Sitting in the dining room of the hotel here in Skardu. I suddenly felt a strong sense of history – yesterday and tomorrow’s. It is a Tower of Babel of languages, but everyone shares the same dream – to climb a mountain. Over an extended breakfast, I spoke with living history. The first was on my team, Rick Sylvester and his son Terray.
The 70 year-old
Rick, who is known by some as a stuntman for 007’s Roger Moore in the opening of The Spy Who Loved Me (the ski chase in the title sequence) and For Your Eyes Only where he was the film’s climbing sequence technical advisor. In that film he doubled in the rock climbing scenes where Moore’s 6’5” stature was a challenge for the 5’6” Rick – Rick says the $700 wig made the difference!
But Rick is more proud of his climbing. He was one of the original “dirt bag” climber in Yosemite back in the 1960’s, making the 15th accent the Nose on El Cap, climbing with legends including Royal Robbins, Yvon Chouinard, Don Whillans, Dougal Haston and Layton Kor. (shout out to Kor’s great nephew and my friend and climbing buddy Barry Johnson).
His son Terray, named after Lionel Terray the famous French climber on the first 8000m ascent, Annapurna, is trekking with us. Terray had a summit of the first day of his life when Rick took the newborn to the top of a boulder near Truckee on the way home from the hospital. Mom didn’t have a chance to object but did capture the event on film. They had done the same with their daughter, Cheyene, a few years earlier.
Rick and Terray have done a lot of climbing together which has Terray saying he is most happy when he is in the mountains. Terray says even when they were visiting colleges, they bivied in illegal areas to save a dollar.
While climbing the Post Office Crack near Opher Colorado, father and son used some old ropes on a rap, thin 8mm worn from previous use. They barley survived the experience, smiling when they talked about it, exchanging knowing glances.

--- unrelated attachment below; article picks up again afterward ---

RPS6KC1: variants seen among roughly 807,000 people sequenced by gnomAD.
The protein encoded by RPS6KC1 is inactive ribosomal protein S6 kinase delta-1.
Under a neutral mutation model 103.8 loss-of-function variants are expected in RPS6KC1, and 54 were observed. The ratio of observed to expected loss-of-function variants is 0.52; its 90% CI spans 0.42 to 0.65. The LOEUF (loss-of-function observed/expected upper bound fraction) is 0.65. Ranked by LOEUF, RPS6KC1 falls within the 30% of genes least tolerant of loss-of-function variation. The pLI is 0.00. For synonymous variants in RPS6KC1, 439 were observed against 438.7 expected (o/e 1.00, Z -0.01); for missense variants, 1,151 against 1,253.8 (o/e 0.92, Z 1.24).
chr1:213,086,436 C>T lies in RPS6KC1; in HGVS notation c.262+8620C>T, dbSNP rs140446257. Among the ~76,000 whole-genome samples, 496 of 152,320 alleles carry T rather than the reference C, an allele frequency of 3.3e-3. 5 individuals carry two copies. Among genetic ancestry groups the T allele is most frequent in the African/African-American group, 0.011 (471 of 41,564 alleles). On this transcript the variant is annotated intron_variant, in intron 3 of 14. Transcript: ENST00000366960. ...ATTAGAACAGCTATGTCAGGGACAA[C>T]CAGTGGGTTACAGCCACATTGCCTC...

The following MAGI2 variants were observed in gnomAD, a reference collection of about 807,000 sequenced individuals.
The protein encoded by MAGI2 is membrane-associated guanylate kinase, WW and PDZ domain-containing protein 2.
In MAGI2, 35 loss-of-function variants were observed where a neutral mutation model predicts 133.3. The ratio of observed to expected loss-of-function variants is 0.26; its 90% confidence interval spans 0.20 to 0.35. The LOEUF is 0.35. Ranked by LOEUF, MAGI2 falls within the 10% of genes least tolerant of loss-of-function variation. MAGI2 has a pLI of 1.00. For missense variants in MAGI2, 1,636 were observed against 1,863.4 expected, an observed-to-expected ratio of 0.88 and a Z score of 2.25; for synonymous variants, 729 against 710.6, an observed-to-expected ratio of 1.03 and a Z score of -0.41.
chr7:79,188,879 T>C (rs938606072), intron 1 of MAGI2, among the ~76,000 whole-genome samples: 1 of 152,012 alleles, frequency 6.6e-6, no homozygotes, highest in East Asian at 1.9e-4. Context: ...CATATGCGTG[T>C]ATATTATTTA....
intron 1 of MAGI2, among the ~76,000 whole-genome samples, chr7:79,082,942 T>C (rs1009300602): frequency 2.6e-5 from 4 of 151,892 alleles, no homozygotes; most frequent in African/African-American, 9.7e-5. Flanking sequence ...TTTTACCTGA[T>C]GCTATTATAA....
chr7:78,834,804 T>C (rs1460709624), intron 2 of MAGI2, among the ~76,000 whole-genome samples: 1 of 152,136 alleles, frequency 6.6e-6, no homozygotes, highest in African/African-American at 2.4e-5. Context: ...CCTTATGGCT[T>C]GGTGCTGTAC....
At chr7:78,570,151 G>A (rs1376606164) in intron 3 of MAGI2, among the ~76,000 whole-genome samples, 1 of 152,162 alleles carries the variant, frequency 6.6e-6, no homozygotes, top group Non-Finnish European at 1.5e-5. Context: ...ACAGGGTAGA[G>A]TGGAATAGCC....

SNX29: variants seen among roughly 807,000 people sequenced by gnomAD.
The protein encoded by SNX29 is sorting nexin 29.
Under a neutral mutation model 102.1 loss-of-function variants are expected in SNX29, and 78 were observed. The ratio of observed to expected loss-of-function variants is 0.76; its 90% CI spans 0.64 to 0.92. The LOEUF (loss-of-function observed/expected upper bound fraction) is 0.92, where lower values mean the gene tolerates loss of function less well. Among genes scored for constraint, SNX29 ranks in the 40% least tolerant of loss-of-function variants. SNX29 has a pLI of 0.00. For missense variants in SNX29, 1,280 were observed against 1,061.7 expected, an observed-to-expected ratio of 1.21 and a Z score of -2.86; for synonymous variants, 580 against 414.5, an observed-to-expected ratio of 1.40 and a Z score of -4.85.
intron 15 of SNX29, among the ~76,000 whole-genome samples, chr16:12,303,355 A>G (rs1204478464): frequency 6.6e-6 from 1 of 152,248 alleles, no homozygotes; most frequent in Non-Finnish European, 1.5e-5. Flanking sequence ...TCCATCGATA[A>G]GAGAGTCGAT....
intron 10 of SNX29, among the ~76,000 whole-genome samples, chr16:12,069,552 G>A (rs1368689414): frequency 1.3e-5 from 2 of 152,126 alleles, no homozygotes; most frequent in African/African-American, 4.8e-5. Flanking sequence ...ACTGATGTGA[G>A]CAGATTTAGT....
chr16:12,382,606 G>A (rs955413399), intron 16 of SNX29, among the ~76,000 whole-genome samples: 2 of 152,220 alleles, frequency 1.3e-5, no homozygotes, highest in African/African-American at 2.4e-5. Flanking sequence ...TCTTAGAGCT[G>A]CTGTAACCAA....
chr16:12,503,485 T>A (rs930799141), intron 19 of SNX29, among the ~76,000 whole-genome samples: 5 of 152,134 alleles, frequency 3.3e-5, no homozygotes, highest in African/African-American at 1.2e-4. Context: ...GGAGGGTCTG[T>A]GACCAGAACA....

One of his most memorable climbs, Rick says, was on the first ascent of Son of Heart in Yosemite in 1970, a 10 day effort where they ran out of food and water in late July with 100F temps – water became an issue. Rick did all the leading with his partner belaying for 10 days.
Which brings us to the question, why is Rick climbing K2 at age 72? He gives me some quips then says with ease, “I want to climb everything in the world.”
But an epiphany occurred in 2010 when he failed to do one pull-up after decades of doing 103 pull-ups every other day – let that sink in – 103 pull-ups. At age 68, said he wanted to rebuild his body using CrossFit and he has. Looking determined, and fit, he sits quietly when asked what is success on K2?
He squints his eyes a bit, and as his jaw tightens he begins: “Getting to the top, not base camp, not the cultural experience. This whole thing is a gamble for me – a lot of time, money, effort. I don’t like being a member but I can’t do what I once did, carrying the loads, cooking. So this time I will just climb”. Spoken like a true climber.
Today Rick can do 7 pulls-up in a row – 3 consecutive times – at age 72 …
The 20 year-olds
Across the dining room at the Concordia Hotel in Skardu, two young men with dark rubble listened in on our conversation, we invited them to join us.
28 year old Phillipe Quardernas and 24 year-old Roberto Morales from Quito Ecuador, are climbing the difficult world class rock climb, Trango Tower. They plan on spending 15 days on the Tower, just the two of them. If they have time, they will try Nameless Tower and perhaps a few others.
As we talked about their plans you could see a mixture of apprehension and excitement. They talked about struggling for money to get here, their previous climbs in Patagonia, the idea of using portaledges at 18,000 feet, carrying their own gear – the sense of ambition was contagious. Their website is www.fluxadventures.com
We leave Skardu with these new friends tomorrow, I look forward to being part of such dreams.
The Young Against Alzheimer’s
As I spoke with Rick, Phillipe and Roberto, I was struck by the fact that dreams do not know age.
Back home, I have been honored to get to know an impressive young man, Max Wallack. At age 18 he has made a huge mark in the world of Alzheimer’s advocacy.
Watching his grandmother die from the disease he dedicated his young life to finding a cure for Alzheimer’s.
His book, Why did Grandma put her Underwear in the Refrigerator” does a wonderful job of telling their story. Max’s foundation, Puzzles to Remember , has distributed more than 25,000 puzzles to Alzheimer’s facilities. He is now studying at Boston University. To learn more about Max, please read this interview.
So, we rest today and hit the road tomorrow in tricked out Jeeps designed to withstand an all day ride to Askole on trails that are called roads in these parts.
There the real work begins, we start our trek to K2 Base Camp. Pictures and updates along the way!
Garrett posted the team roster on his site:
- Garrett Madison, Climb Leader
- Alan Arnette, Climber
- Matthew Dupuy, Climber
- Fredrick Sylvester, Climber
- Todd Dupuy
- Robert Whiteford
- Terray Sylvester
Climbing Support Team:
- Kami Rita Sherpa
- Fur Kancha Sherpa
- Kami Tshering Sherpa
- Mingma Sherpa
- Pemba Sherpa
- Dawa Sherpa
Memories are Everything